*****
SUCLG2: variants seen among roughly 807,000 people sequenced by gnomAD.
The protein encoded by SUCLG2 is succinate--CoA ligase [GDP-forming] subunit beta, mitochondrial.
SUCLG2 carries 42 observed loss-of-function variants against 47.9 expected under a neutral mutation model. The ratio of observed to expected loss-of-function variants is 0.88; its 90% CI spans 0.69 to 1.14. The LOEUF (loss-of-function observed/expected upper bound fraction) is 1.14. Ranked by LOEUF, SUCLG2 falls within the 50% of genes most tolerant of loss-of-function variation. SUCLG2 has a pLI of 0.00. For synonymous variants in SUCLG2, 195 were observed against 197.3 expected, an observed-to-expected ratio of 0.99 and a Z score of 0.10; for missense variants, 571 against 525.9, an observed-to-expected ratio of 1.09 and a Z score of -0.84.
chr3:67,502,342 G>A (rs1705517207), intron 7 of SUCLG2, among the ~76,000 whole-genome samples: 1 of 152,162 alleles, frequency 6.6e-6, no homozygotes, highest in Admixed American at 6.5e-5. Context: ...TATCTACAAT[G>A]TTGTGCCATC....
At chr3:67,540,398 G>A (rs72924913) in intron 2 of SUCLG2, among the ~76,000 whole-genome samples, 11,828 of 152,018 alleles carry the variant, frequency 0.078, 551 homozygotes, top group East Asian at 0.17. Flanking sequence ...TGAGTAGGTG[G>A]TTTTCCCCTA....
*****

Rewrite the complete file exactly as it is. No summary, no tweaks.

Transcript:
SUCLG2: variants seen among roughly 807,000 people sequenced by gnomAD.
The protein encoded by SUCLG2 is succinate--CoA ligase [GDP-forming] subunit beta, mitochondrial.
SUCLG2 carries 42 observed loss-of-function variants against 47.9 expected under a neutral mutation model. The ratio of observed to expected loss-of-function variants is 0.88; its 90% CI spans 0.69 to 1.14. The LOEUF (loss-of-function observed/expected upper bound fraction) is 1.14. Ranked by LOEUF, SUCLG2 falls within the 50% of genes most tolerant of loss-of-function variation. SUCLG2 has a pLI of 0.00. For synonymous variants in SUCLG2, 195 were observed against 197.3 expected, an observed-to-expected ratio of 0.99 and a Z score of 0.10; for missense variants, 571 against 525.9, an observed-to-expected ratio of 1.09 and a Z score of -0.84.
chr3:67,502,342 G>A (rs1705517207), intron 7 of SUCLG2, among the ~76,000 whole-genome samples: 1 of 152,162 alleles, frequency 6.6e-6, no homozygotes, highest in Admixed American at 6.5e-5. Context: ...TATCTACAAT[G>A]TTGTGCCATC....
At chr3:67,540,398 G>A (rs72924913) in intron 2 of SUCLG2, among the ~76,000 whole-genome samples, 11,828 of 152,018 alleles carry the variant, frequency 0.078, 551 homozygotes, top group East Asian at 0.17. Flanking sequence ...TGAGTAGGTG[G>A]TTTTCCCCTA....